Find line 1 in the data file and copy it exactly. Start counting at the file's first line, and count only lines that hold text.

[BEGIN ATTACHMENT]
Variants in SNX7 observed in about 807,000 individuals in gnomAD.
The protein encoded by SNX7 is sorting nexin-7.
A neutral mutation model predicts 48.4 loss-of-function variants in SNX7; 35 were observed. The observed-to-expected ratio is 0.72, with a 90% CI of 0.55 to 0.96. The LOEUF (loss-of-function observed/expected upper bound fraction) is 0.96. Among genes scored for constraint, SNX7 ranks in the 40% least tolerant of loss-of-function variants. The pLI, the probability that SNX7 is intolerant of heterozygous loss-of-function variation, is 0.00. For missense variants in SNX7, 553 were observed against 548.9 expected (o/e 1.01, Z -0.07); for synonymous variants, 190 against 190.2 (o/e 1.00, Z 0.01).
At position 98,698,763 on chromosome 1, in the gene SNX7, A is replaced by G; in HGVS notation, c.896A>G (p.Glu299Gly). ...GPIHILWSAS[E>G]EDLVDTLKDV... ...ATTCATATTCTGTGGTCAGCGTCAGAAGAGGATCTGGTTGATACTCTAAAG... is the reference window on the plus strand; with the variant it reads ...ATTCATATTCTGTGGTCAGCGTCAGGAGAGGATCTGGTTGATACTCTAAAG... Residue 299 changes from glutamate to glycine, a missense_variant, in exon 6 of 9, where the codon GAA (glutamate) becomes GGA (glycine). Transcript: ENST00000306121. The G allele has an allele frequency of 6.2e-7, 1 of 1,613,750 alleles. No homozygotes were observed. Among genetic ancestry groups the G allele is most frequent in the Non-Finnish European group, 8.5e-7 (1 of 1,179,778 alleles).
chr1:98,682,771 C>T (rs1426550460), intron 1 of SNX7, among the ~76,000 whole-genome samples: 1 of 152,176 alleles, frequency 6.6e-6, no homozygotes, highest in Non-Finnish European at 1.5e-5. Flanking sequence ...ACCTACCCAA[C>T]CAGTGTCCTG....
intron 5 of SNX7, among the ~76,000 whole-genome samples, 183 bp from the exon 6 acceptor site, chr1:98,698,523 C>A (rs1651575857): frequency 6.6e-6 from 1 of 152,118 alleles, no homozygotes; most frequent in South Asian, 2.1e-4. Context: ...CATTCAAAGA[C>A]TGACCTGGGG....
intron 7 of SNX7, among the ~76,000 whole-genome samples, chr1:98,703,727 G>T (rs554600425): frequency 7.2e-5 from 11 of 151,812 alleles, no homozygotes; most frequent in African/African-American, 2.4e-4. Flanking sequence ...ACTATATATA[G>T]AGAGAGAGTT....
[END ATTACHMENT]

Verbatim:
Variants in SNX7 observed in about 807,000 individuals in gnomAD.